Competency-based Education (Nathan Fields) -This is a report on Competency-based Education sponsored by the National Center for Education Statistics (NCES), U.S. Department of Education.   It is for post-secondary education.  It includes the results of eight case studies of the use of Competency Based Education in post-secondary education.  This was done to give information to other post-secondary institutions to use for setting up their own competency based education programs. Colorado Community Colleges’ Incumbent Worker Project was one of the eight case studies used. This is an interesting article describing the BEST testing used in many Adult Education programs. It describes the history of BEST (Basic English Skills Test) as written by Moria Lucey of The International Institute in Boston, MA.  I actually found this while looking for information about the MELT Project, which I’ll get to next.  Because much of the ESL curriculum focuses on Competency Based Education, it’s interesting to read about how this testing evolved from Competency-based education.   There is another article on this site by Dulaney Alexander of Operation Bootstrap in Lynn, MA.  He contends that BEST is not an effective tool to use in adult education.  He says that people’s backgrounds are too diverse to use the BEST to evaluate all students.

The Center for Adult English Language Acquisition website has information about the MELT project, which stems from Competency Based Education.  The MELT project was developed to help an influx of refugees from Southeast Asia in the early 1980’s. The idea was to follow Competency-based curricula that would teach skills to help these refugees function in society.  There is an interesting section that describes the six different literacy levels that they believe would come into an ESL classroom.  That would be Preliterate, Non-literate, Semiliterate, Non-alphabet literate, Non-Roman alphabet literate and Roman-alphabet literate.  This really hits home when I think about the differences between my Spanish speaking students with and without literacy within their own language and also the differences between my Asian students and those who grew up in a Roman-alphabet world.  

NOTE: In our next issue, I'll give you links to the lesson plans (terrific!) and retention plans that these same insightful instructors develop for your use!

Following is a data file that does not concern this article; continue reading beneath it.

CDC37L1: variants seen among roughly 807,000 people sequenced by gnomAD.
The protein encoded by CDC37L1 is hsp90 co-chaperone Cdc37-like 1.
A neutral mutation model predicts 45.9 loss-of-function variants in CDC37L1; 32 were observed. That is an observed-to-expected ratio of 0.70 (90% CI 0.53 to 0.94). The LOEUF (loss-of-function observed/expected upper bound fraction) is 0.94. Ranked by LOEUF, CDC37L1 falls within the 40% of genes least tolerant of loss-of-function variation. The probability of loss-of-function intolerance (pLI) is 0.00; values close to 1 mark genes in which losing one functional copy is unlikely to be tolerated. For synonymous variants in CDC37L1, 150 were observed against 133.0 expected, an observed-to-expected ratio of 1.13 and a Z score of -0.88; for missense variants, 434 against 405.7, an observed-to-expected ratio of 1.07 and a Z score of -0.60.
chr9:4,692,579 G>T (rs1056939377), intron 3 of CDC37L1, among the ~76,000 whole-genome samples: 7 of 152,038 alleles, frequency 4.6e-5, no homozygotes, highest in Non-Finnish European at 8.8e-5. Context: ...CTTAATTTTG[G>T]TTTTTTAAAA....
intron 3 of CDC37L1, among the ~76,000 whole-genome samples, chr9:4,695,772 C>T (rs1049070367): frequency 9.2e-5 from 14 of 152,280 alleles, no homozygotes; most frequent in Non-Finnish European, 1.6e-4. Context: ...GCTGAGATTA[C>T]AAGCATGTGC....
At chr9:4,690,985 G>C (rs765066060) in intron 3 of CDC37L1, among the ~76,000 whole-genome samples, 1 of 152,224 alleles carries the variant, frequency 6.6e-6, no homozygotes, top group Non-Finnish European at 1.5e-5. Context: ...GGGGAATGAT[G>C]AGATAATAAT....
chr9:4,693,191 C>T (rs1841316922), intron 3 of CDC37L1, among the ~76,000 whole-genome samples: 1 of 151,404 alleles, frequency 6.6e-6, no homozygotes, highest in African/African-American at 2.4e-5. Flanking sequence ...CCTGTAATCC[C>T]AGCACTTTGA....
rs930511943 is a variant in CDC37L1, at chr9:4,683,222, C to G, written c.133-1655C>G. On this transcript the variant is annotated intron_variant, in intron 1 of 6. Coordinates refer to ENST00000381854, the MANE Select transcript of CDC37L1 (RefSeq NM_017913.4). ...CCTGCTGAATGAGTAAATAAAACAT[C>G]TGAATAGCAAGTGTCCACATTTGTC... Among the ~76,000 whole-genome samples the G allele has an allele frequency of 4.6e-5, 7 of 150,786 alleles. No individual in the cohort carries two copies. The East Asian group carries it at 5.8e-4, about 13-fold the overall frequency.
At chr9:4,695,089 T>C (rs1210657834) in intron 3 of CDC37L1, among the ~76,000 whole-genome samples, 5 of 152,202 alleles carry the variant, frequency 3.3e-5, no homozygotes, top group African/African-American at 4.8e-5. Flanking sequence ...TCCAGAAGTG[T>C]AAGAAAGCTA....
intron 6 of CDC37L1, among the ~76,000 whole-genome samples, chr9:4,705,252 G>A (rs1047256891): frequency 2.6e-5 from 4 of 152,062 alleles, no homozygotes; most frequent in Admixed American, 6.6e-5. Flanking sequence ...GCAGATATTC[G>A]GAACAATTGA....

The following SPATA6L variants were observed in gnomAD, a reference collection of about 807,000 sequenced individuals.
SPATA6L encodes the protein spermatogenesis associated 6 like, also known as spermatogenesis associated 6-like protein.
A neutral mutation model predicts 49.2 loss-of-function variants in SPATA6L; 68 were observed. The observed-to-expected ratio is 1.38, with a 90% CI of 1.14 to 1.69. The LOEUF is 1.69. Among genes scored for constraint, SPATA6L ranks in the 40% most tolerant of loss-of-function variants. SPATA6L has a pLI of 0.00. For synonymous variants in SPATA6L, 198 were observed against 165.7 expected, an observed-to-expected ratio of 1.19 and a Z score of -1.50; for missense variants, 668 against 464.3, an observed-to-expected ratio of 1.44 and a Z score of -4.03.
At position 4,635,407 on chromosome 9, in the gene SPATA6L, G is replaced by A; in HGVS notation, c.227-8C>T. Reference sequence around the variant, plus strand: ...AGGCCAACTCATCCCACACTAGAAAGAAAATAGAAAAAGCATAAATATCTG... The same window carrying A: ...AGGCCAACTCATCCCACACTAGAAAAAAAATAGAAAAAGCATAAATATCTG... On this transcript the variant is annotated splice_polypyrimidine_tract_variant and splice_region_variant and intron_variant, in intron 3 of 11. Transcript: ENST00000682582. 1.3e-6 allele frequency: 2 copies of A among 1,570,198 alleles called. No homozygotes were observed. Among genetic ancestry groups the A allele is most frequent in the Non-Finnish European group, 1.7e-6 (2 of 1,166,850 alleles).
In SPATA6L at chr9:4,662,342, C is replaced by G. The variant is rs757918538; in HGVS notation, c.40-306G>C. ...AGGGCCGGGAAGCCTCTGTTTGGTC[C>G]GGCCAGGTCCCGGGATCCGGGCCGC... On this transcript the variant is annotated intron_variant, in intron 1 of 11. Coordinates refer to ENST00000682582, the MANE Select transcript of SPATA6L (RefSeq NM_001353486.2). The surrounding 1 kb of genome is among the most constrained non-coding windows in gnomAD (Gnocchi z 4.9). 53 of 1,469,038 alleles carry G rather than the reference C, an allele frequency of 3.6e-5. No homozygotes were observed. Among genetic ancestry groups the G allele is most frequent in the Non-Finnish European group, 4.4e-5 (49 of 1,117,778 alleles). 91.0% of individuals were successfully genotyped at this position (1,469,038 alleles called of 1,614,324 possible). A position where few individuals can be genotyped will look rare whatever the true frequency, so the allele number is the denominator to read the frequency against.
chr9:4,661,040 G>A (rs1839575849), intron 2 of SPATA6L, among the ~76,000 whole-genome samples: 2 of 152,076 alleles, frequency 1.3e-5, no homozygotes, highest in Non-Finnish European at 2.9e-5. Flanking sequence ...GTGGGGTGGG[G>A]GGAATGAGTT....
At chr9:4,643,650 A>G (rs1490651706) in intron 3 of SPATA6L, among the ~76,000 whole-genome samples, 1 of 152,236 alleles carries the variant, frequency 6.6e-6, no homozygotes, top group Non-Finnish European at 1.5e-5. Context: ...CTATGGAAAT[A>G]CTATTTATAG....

From Pamela Lawson - This Website has a variety of vocabulary games including crossword puzzles, word searches, quizzes and even a vocabulary test for SAT. It is very colorful and easy to navigate around in. For students who are not real used to a computer it is set up quite easily. For example, on the crossword puzzles, the cursor automatically moves to the next square for the next letter. They can choose different levels and topics so it could appeal to most everyone while they are using the computer. It is written for all levels from K to 12 so the student chooses what level they want. Looks like fun to me.

From Sherry Romero- I found a website that provides k-12 classroom resources. It has printable worksheets and interactive sites students can do online.  There are numerous levels and subjects.  I hope that is helpful to some.

From Jane Breaux - This is the website of the freshman comp textbook that I use. There are grammar exercises, spelling, reading comp questions, a learning style quiz, etc. I know that most of your students are not college level, but I don't see much of a difference between high school and college grammar. After all, the rules are, well, the rules! From Patricia Thomas - Here are a few of the sites I use on a continual basis.  I keep these in the Favorites pull-down on the classroom computers. This one has all grade levels and is great for worksheets or anything you need. This is one I use to get riddles for my classes. I also post a challenge riddle or problem each day often from this site. love this one; it reaches for the higher level thinkers all the way to basic math facts.

From Cheryll Bean I found the format of this website very helpful.  It is a checklist and can be used with just about any group of students, including ESL.

From Nathan Fields: resources for Adult Educators. This is  my new security blanket website. This fall, I move from the pre-GED room to the GED room....

Ideas for Retaining Students as Lifelong Learners

The same teachers who are sharing the sites above also developed retention plans for their students. Their goal was to think out of the box and use strategies gained from quality adult ed research on barriers that students face in learning. Help yourself to the strategies to be implemented this fall!

Wanting New Ideas - Where Does It Itch?

Some of you have taken advantage of the free computer training offered onsite to your programs through the 4CVRC mobile lab. Those sessions were very productive and useful, but the requests ceased.

Next, we offered you free hybrid classes using phone and computer connections. The last one was offered on Friday August 4th, with no takers. As a matter of fact, we only had takers for one session for the whole year!

So I'm wondering, do you have any technology itches that the 4CVRC can help you scratch? We can offer a great variety of training in very short or longer sessions over a variety of media or combination of media, including two-way video). All it takes is a minute to drop me an email saying, "Need resources on..." or "Need training in or for..." or "Will hire the cruise ship if you will offer the following practice sessions on the way to... "

How about it? ->